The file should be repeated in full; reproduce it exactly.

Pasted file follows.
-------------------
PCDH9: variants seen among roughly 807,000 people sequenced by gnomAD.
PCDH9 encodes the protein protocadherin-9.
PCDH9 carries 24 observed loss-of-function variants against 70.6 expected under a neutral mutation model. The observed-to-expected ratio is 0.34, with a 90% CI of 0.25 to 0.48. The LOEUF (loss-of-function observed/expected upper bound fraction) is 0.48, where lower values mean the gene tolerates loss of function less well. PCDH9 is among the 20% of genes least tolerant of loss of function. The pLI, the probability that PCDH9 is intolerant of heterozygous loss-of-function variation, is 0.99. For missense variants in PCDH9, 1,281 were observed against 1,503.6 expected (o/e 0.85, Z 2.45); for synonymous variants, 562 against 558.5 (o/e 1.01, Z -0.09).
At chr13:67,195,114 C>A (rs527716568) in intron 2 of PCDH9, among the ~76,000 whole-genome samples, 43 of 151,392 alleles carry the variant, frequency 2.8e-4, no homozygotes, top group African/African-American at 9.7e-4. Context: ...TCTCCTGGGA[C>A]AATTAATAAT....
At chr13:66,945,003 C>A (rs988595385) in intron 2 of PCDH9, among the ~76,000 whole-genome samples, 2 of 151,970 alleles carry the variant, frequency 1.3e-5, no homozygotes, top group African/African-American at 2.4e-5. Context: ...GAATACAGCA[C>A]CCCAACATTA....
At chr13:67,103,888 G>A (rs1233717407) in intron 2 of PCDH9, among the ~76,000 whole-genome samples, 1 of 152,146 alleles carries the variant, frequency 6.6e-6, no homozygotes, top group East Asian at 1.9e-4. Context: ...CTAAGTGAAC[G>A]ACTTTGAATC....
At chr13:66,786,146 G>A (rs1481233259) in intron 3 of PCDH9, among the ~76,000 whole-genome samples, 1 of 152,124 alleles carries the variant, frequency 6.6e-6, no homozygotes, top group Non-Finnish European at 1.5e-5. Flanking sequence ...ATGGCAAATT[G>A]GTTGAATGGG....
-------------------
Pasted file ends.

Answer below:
PCDH9: variants seen among roughly 807,000 people sequenced by gnomAD.
PCDH9 encodes the protein protocadherin-9.
PCDH9 carries 24 observed loss-of-function variants against 70.6 expected under a neutral mutation model. The observed-to-expected ratio is 0.34, with a 90% CI of 0.25 to 0.48. The LOEUF (loss-of-function observed/expected upper bound fraction) is 0.48, where lower values mean the gene tolerates loss of function less well. PCDH9 is among the 20% of genes least tolerant of loss of function. The pLI, the probability that PCDH9 is intolerant of heterozygous loss-of-function variation, is 0.99. For missense variants in PCDH9, 1,281 were observed against 1,503.6 expected (o/e 0.85, Z 2.45); for synonymous variants, 562 against 558.5 (o/e 1.01, Z -0.09).
At chr13:67,195,114 C>A (rs527716568) in intron 2 of PCDH9, among the ~76,000 whole-genome samples, 43 of 151,392 alleles carry the variant, frequency 2.8e-4, no homozygotes, top group African/African-American at 9.7e-4. Context: ...TCTCCTGGGA[C>A]AATTAATAAT....
At chr13:66,945,003 C>A (rs988595385) in intron 2 of PCDH9, among the ~76,000 whole-genome samples, 2 of 151,970 alleles carry the variant, frequency 1.3e-5, no homozygotes, top group African/African-American at 2.4e-5. Context: ...GAATACAGCA[C>A]CCCAACATTA....
At chr13:67,103,888 G>A (rs1233717407) in intron 2 of PCDH9, among the ~76,000 whole-genome samples, 1 of 152,146 alleles carries the variant, frequency 6.6e-6, no homozygotes, top group East Asian at 1.9e-4. Context: ...CTAAGTGAAC[G>A]ACTTTGAATC....
At chr13:66,786,146 G>A (rs1481233259) in intron 3 of PCDH9, among the ~76,000 whole-genome samples, 1 of 152,124 alleles carries the variant, frequency 6.6e-6, no homozygotes, top group Non-Finnish European at 1.5e-5. Flanking sequence ...ATGGCAAATT[G>A]GTTGAATGGG....